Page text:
The Rencraft Fire Dept Photo Brings Back a Familiar Name

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Last night I posted this old 50s ad from The Carleton Place Canadian I found in the files of the museum on The Tales of Carleton Place  as I thought “50 cents to being an extra lady” was amusing.

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Who was the Rencraft Fire Dept?

The Brigade was made up of Renfrew Woolen Mill workers. The Bates and Innes Mill had their own fire brigade as well. Most people refer to this mill as the Hawthorne Mill, but it operated as the Renfrew Woolen Mill (Hawthorn Mill) beginning in 1933– Carleton Place and Beckwith Heritage Museum

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Badge from Pete Harris

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This photo appears to have been taken in the CP Council Chamber- Carleton Place and Beckwith Heritage Museum.

As I looked at the list of names on the bottom of the picture I noticed a familiar name. Fourth from the left on the back row is Lionel Bigras who helped save Margaret Violet King from downing the first time at the Carleton Place Hydro plant. It was nice to put a face to a name.

Historical Note

“In July of 1937 Carleton Place resident Wilfred Bigras saved the life of 6-year-old Margaret Violet King, daughter of Mrs. Clifford King. Young Margaret fell into the Mississippi River near the hyrdo plant about 200 yards from the town bridge early in the afternoon. Artificial respiration was practiced by Wilfird Bigras, employee at the Hydro plant, a cousin of the rescuer Lionel Bigras who dived 3 times in 15 feet of water to bring the child to the surface.”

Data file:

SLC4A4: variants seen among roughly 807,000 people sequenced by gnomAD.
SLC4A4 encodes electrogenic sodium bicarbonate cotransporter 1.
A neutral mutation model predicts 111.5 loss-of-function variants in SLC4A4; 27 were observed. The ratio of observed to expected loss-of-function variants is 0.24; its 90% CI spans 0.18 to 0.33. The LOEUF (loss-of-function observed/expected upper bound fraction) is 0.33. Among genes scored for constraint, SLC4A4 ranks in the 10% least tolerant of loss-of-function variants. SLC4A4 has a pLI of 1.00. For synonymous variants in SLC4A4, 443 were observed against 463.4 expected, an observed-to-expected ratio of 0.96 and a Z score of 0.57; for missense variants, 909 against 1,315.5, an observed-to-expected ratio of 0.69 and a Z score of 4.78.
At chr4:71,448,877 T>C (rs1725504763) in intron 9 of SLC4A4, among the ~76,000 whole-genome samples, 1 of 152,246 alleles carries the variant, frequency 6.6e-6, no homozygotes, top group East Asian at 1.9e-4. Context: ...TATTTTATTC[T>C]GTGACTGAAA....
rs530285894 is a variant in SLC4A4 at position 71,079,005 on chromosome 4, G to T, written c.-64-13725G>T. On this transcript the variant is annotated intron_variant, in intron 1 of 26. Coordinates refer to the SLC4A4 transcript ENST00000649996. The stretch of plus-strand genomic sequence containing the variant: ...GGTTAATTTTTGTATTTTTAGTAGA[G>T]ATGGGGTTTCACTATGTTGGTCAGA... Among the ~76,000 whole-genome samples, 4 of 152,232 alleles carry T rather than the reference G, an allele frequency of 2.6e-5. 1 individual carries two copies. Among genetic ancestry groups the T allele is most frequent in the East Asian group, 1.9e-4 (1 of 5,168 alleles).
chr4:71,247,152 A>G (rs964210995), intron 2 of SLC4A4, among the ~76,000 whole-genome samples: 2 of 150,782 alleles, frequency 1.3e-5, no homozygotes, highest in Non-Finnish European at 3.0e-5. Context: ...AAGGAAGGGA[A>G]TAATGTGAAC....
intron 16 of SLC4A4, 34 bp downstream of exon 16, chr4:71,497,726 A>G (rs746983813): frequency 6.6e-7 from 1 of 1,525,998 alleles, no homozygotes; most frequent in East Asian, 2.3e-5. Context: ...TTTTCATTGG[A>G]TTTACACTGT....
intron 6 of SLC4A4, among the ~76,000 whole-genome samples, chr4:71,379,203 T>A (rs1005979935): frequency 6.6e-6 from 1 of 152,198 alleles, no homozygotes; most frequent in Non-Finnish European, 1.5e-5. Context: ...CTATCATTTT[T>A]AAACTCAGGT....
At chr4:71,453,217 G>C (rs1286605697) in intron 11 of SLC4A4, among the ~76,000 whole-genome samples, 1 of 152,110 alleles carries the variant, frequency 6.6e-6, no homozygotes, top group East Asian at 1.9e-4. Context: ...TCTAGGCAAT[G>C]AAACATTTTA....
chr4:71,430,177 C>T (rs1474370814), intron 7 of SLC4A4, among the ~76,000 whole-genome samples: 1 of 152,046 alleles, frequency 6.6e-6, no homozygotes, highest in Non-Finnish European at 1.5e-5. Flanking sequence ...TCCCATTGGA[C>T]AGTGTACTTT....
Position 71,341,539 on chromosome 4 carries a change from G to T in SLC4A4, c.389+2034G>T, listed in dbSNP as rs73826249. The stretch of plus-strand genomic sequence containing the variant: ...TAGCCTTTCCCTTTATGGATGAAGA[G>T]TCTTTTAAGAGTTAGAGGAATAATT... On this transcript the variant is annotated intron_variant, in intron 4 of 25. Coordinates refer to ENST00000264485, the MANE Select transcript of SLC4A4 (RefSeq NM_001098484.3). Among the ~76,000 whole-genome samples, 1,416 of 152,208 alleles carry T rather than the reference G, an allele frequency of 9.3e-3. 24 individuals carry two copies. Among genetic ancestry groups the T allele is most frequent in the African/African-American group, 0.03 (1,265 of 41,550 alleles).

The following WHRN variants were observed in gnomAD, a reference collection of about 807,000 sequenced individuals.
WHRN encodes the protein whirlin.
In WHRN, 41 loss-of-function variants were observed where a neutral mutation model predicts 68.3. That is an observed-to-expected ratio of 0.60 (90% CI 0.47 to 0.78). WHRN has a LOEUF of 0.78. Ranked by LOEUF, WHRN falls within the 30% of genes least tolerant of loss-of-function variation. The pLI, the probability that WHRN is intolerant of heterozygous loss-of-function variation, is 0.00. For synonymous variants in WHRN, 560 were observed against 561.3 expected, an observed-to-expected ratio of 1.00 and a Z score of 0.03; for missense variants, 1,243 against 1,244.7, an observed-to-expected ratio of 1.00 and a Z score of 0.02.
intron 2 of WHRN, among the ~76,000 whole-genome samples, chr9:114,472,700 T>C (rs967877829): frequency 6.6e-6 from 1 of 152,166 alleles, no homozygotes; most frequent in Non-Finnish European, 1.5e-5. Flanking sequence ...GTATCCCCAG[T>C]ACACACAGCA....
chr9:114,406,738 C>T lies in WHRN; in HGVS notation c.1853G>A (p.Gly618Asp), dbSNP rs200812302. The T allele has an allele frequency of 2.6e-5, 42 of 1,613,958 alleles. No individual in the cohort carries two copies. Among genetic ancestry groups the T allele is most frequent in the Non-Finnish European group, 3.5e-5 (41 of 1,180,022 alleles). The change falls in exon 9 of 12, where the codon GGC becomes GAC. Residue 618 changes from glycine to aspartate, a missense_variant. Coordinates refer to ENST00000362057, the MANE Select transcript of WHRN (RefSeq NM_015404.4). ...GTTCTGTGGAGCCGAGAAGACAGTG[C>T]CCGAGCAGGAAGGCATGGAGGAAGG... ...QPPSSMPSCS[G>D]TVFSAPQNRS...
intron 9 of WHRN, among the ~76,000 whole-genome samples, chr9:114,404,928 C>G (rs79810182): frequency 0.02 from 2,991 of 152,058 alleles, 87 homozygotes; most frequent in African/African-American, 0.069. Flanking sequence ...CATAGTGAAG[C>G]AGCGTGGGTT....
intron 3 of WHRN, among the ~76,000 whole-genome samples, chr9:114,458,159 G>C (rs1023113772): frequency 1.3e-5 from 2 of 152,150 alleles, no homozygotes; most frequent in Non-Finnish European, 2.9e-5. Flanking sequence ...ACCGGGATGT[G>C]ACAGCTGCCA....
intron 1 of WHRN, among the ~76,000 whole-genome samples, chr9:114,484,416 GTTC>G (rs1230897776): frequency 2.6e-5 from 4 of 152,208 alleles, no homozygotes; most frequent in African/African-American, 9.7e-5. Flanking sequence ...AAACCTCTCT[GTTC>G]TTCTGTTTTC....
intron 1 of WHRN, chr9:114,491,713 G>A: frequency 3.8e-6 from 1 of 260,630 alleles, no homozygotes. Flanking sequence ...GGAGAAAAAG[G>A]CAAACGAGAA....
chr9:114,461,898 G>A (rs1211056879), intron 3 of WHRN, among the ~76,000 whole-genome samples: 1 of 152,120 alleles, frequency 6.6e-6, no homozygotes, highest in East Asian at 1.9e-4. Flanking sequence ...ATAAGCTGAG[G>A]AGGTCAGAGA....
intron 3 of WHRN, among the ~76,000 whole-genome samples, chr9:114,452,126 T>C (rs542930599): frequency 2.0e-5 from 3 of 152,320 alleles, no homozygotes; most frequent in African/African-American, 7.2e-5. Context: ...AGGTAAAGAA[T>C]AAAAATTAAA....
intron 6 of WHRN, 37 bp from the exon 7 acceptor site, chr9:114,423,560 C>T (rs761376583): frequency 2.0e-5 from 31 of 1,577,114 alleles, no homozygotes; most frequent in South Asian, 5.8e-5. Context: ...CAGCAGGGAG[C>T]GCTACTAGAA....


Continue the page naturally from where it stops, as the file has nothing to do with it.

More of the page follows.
A Carleton Place Tale to Send Shivers Up Your Arm — The Sad Tale of Margaret Violet King

 

 

 

About lindaseccaspina

Linda Knight Seccaspina was born in Cowansville, Quebec about the same time as the wheel was invented and the first time she realized she could tell a tale was when she got caught passing her smutty stories around in Grade 7 at CHS by Mrs. Blinn. When Derek "Wheels" Wheeler from Degrassi Jr. High died in 2010, Linda wrote her own obituary. Some people said she should think about a career in writing obituaries. Before she laid her fingers to a keyboard, Linda owned the eclectic store Flash Cadilac and Savannah Devilles in Ottawa from 1976-1996. After writing for years about things that she cared about or pissed her off she finally found her calling. Is it sex drugs and rock n' roll you might ask? No, it is history. Seeing that her very first boyfriend in Grade 5 (who she won a Twist contest with in the 60s) is the head of the Brome Misissiquoi Historical Society and also specializes in local history back in Quebec, she finds that quite funny. She writes every single day and is also a columnist for Hometown News and Screamin's Mamas. She is a volunteer for the Carleton Place and Beckwith Heritage Museum, an admin for the Lanark County Genealogical Society Facebook page, and a local guest speaker. She has been now labelled an historian by the locals which in her mind is wrong. You see she will never be like the iconic local Lanark County historian Howard Morton Brown, nor like famed local writer Mary Cook. She proudly calls herself The National Enquirer Historical writer of Lanark County, and that she can live with. Linda has been called the most stubborn woman in Lanark County, and has requested her ashes to be distributed in any Casino parking lot as close to any Wheel of Fortune machine as you can get. But since she wrote her obituary, most people assume she's already dead. Linda has published six books, "Menopausal Woman From the Corn," "Cowansville High Misremembered," "Naked Yoga, Twinkies and Celebrities," "Cancer Calls Collect," "The Tilted Kilt-Vintage Whispers of Carleton Place," and "Flashbacks of Little Miss Flash Cadilac." All are available at Amazon in paperback and Kindle. Linda's books are for sale on Amazon or at Wisteria · 62 Bridge Street · Carleton Place, Ottawa, Canada, and at the Carleton Place and Beckwith Heritage Museum · 267 Edmund Street · Carleton Place, Ottawa, Canada--Appleton Museum-Mississippi Textile Mill and Mill Street Books and Heritage House Museum and The Artists Loft in Smith Falls.

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